This article summarizes student performance and survey data from a recent massive open online course (MOOC) on life cycle assessment (LCA). Its purpose is to shed light on student learning outcomes, challenges, and success factors, as well as on improvement opportunities for the MOOC and the role of online courses in LCA education in general.
Student survey data and course performance data were compiled, analyzed, and interpreted for 1257 students who completed a pre-course survey and 262 students who completed a post-course survey. Both surveys were designed to assess student learning outcomes, topical areas of difficulty, changing perceptions on the nature of LCA, and future plans after completing the MOOC.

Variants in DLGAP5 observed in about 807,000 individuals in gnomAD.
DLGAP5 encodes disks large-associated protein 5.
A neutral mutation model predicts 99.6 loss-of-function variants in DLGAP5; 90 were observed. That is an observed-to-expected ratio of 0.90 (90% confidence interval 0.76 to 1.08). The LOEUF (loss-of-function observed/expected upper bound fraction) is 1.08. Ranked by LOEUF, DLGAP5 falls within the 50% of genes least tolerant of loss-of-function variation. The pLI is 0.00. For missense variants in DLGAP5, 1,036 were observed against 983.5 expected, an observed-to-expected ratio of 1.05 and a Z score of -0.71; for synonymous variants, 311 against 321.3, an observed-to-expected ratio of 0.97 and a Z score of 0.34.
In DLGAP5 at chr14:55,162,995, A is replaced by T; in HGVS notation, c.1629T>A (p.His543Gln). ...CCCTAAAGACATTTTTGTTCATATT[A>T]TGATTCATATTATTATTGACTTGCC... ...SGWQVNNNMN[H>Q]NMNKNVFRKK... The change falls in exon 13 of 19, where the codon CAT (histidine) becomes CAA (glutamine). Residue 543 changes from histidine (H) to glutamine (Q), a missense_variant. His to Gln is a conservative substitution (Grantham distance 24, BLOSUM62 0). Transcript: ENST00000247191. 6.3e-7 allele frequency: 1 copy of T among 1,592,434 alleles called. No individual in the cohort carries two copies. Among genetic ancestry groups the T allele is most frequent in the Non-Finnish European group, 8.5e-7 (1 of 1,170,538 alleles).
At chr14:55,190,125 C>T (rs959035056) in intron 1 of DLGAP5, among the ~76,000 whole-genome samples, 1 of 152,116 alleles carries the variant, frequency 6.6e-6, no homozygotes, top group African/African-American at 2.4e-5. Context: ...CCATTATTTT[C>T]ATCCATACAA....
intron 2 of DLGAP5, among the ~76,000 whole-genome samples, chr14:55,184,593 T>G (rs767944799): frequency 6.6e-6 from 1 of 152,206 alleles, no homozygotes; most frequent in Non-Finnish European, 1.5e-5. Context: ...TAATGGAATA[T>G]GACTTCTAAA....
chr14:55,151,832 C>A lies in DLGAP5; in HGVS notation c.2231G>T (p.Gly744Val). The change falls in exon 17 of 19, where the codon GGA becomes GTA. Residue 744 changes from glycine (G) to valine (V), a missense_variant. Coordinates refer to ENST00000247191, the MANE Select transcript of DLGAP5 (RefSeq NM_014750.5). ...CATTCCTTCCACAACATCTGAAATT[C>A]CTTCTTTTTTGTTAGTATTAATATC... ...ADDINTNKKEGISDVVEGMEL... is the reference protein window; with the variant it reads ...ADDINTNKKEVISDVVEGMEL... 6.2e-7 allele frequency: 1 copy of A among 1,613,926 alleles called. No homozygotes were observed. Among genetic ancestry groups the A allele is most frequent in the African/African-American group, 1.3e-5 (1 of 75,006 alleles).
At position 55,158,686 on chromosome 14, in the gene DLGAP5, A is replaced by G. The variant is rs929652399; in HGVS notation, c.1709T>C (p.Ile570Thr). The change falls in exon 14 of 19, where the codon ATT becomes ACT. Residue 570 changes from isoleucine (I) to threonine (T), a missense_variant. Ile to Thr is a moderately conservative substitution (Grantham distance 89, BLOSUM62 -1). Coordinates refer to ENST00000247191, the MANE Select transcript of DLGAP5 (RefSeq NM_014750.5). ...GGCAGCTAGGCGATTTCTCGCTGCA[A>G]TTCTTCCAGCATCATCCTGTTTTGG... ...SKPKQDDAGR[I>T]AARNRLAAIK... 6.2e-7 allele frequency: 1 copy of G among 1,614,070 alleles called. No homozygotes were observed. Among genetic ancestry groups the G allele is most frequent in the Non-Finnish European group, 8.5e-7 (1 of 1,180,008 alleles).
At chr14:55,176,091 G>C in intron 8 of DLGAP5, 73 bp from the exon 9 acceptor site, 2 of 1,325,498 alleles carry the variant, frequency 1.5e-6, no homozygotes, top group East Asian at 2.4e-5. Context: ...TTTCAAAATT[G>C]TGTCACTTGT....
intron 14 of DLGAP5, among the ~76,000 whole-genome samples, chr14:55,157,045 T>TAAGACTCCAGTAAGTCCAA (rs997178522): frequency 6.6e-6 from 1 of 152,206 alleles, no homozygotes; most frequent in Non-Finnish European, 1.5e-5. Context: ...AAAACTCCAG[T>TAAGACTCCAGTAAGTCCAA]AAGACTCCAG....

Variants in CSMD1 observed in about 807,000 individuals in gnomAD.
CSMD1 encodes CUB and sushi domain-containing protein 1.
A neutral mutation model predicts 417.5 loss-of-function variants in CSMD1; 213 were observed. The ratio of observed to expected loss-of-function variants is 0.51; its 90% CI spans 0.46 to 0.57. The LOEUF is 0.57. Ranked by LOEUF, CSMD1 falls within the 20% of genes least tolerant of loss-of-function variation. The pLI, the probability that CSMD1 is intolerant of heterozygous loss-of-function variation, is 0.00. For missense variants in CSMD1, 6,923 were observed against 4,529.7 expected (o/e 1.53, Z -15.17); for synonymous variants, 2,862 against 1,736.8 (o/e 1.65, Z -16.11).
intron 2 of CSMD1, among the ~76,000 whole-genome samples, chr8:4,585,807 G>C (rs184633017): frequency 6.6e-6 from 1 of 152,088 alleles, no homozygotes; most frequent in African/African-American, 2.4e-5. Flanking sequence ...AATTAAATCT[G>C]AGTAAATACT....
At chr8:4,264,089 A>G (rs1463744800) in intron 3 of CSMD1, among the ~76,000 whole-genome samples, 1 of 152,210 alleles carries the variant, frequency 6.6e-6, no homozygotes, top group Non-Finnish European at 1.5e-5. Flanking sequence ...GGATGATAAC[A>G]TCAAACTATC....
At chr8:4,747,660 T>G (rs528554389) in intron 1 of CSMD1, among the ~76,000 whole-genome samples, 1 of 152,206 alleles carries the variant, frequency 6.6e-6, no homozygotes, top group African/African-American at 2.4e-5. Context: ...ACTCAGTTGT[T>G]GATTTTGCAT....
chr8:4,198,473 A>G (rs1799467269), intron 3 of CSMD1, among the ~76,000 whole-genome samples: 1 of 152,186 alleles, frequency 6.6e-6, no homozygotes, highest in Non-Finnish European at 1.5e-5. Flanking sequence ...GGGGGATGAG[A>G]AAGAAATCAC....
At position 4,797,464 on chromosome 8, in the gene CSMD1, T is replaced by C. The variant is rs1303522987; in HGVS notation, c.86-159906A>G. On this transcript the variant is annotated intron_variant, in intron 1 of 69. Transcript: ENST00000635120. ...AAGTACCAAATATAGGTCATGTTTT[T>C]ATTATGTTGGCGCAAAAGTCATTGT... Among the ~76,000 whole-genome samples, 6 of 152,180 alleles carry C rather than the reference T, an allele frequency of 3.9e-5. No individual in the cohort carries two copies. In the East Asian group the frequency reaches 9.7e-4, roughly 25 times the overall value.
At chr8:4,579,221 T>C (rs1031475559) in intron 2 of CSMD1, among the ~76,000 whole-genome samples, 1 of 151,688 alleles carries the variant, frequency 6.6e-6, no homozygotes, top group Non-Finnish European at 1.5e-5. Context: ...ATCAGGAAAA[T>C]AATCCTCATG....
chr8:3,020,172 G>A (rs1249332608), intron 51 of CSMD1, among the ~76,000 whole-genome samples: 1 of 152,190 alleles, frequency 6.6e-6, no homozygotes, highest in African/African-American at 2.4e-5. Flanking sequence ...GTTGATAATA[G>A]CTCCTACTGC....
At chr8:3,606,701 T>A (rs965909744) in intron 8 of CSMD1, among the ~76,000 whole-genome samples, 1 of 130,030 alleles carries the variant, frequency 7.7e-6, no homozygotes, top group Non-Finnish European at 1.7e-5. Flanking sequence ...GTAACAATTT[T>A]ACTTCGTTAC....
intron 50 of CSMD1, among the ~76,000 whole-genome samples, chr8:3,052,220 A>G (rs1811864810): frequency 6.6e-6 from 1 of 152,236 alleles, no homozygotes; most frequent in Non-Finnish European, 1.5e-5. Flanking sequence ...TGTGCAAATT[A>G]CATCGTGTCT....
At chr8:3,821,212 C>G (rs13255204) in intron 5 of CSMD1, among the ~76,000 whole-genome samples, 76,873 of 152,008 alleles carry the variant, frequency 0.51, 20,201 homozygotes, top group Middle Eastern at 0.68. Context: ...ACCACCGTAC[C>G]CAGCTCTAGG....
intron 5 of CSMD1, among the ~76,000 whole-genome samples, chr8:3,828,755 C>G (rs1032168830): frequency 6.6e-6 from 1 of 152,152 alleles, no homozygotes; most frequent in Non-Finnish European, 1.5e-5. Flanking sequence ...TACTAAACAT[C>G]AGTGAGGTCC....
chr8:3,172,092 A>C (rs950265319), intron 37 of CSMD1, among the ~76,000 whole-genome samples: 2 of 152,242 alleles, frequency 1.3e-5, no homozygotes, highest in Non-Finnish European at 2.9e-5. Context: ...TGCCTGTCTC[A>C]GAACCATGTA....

Results and discussion
Results suggest that online courses can attract and motivate a large number of students and equip them with basic analytical skills to move on to more advanced LCA studies. However, results also highlight how MOOCs are not without structural limitations, especially related to mostly “locked in” content and the impracticality of directly supporting individual students, which can create challenges for teaching difficult topics and conveying important limitations of LCA in practice.
Online courses, and MOOCs in particular, may present an opportunity for the LCA community to efficiently recruit and train its next generations of LCA analysts and, in particular, those students who might not otherwise have an opportunity to take an LCA course. More surveys should be conducted by LCA instructors and researchers moving forward to enable scientific development and sharing of best practice teaching methods and materials.